The odd thing about Green Day is that they actually do seem to believe in one of the basic ideas that the Clash were proponents of--that punk rock can help change the world. I was reading an interview with Jello Biafra recently, who reminded the journalist that even after becoming one of the biggest bands in the world, Green Day played benefits for Food Not Bombs, often raking in massive sums of 40 or 50 grand to feed the homeless.
Alas, Green Day do not have at their disposal the full extent of the ideas that the Clash did. We do not live in the aftermath of a 1968; we are building from scratch. So perhaps it comes as no surprise that this kind of earnest radicalism (however vague it might be) has become increasingly watered down by a mushy liberalism that ultimately separates them from the ebbs and flows of everyday life. While Joe Strummer and Mick Jones looked out their window for inspiration, Armstrong's view seems increasingly obscured the bigger his ivory tower gets.
Although 21st Century Breakdown reveals Armstrong, Mike Dirnt and Tre Cool to be deeply affected by the upheavals taking shape in the current economic crisis, the album's greatest flaw is that it seems rather inorganically separated from some of the most exciting trends currently taking root in music.
With this in mind, the most notable thing about Breakdown is how much it sounds like American Idiot. Green Day intended their most recent album to be a continuation, the next chapter if you will. But thanks to their reliance on the same mix of three-chord thrash and acoustic melancholy that made Idiot so memorable, Breakdown sounds less like a sequel than a redux. It's an attempt to rehash the same formula and call it pushing the boundaries, which is ultimately the best way to describe the former's arrival on the stage.
This gets at the crux of Green Day's contradiction. The band will put its best foot forward, only to be ensnared in the classic music industry clap-traps. They channel Bush-era disillusionment with American Idiot, then allow it to be turned to a middle-class musical. They speak out against the war in Iraq, then release a version of John Lennon's "Working Class Hero" on a compilation that calls for troops to be sent to Darfur. They rail against the worst excesses of the American establishment on 21st Century Breakdown, then appear on "Good Morning America" to promote it in front of a thoroughly hand-picked audience.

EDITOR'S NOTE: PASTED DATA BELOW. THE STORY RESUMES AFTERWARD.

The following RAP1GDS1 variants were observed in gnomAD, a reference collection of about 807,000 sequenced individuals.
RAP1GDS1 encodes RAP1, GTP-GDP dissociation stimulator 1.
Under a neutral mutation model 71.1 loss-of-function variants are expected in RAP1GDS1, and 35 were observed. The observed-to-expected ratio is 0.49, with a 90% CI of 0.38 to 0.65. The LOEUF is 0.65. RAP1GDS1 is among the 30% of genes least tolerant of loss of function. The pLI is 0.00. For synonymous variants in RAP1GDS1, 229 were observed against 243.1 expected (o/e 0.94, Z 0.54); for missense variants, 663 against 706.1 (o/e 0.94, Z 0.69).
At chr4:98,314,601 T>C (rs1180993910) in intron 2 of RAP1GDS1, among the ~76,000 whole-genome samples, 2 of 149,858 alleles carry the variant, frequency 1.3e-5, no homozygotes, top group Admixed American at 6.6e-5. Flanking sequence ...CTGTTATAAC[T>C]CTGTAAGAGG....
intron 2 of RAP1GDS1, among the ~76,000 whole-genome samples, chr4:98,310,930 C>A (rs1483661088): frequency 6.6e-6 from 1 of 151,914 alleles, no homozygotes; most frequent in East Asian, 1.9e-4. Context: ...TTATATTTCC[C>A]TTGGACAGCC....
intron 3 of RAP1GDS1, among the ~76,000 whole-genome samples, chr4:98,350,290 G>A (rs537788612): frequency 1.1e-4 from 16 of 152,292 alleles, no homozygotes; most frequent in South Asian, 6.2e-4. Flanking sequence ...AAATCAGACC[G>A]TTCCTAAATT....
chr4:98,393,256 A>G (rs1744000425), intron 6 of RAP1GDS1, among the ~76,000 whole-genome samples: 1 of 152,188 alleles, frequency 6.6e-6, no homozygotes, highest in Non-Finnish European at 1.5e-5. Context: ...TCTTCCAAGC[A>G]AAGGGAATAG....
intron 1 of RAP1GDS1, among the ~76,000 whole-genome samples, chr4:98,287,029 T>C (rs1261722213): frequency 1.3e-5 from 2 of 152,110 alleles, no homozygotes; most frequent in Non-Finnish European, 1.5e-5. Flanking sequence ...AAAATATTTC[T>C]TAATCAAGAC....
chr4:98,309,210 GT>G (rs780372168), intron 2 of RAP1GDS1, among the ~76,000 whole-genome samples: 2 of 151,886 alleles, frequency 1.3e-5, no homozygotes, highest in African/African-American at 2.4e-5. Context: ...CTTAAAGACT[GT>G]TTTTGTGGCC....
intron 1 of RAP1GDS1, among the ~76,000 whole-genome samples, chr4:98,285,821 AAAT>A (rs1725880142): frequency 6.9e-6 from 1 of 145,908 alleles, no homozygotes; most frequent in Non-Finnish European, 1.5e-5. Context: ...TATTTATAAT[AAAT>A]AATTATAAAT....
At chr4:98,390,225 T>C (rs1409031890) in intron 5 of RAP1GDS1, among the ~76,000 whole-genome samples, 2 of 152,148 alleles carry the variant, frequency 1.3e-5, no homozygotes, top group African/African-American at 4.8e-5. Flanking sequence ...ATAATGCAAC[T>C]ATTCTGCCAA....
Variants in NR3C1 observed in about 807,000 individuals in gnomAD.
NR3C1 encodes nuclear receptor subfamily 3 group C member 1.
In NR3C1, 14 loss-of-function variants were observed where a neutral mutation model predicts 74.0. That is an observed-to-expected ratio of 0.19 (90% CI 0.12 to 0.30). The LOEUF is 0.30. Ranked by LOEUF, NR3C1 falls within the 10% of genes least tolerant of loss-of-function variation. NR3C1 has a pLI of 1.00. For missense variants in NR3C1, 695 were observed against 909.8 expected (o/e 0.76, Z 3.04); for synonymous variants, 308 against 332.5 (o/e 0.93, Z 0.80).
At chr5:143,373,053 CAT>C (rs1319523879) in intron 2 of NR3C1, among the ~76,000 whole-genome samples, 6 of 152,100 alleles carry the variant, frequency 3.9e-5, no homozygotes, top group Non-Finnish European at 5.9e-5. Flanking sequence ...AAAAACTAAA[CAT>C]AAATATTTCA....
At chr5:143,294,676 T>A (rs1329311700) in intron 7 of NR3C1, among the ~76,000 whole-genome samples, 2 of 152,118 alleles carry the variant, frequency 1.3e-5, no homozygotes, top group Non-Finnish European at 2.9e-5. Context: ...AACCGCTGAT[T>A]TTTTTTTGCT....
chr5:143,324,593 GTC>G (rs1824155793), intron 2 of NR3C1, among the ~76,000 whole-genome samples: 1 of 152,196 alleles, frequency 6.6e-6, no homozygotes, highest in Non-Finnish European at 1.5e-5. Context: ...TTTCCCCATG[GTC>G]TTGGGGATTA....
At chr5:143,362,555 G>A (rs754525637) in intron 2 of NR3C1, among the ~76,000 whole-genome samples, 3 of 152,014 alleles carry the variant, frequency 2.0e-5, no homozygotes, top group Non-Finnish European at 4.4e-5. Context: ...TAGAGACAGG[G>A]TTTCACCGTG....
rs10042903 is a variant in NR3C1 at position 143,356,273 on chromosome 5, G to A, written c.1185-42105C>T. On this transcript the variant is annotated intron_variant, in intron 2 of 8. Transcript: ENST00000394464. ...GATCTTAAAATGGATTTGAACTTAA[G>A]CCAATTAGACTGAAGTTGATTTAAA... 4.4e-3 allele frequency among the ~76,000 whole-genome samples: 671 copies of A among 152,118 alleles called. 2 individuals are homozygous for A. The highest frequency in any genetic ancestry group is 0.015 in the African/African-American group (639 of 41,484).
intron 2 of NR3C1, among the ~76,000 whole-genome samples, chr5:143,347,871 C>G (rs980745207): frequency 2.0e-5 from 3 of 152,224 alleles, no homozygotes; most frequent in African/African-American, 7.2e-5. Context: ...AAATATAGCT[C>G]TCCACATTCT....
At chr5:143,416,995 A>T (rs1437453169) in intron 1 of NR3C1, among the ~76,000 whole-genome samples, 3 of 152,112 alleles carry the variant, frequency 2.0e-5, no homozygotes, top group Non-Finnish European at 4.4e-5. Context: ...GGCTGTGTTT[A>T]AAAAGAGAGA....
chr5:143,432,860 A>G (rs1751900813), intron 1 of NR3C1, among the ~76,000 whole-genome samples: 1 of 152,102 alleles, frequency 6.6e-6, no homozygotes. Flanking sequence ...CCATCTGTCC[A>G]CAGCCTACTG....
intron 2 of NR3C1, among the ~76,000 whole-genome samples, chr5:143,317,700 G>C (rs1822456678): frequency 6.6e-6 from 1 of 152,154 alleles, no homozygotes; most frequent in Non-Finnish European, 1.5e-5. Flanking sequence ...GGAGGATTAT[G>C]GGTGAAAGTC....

Maybe the group are, like so many before them, trying to use the system against itself. Maybe they are cashing in on the time-tested formula of empty musical rebellion. Much more likely, however, is that the band are coming to the realization that there are some fundamental things that need to change, but aren't quite willing to jettison the system that feeds them to make that change a reality.
Throwing your lot with that system overboard might seem like career suicide, but it's not quite as impossible as one might think. Artists varying from Radiohead to DangerDoom are experimenting with what it means to make music outside the confines of an industry that is increasingly irrelevant. In doing so, they have implicitly asked what it means to share vibrant art and urgent ideas in the midst of a social and economic shit-storm. Green Day have attempted to join in on that storm, but have ended up simply replicating it inside a teacup. If they dare to peek over the edges, they might discover the difference between spectacle and substance.
Alexander Billet is a music journalist, cultural critic and activist living in Chicago. He is a columnist for SleptOn.com and the Society of Cinema and Arts, and is also a regular contributor to Socialist Worker and ZNet.
His blog, Rebel Frequencies, can be viewed at http://rebelfrequencies.blogspot.com, and he can be reached at email@example.com.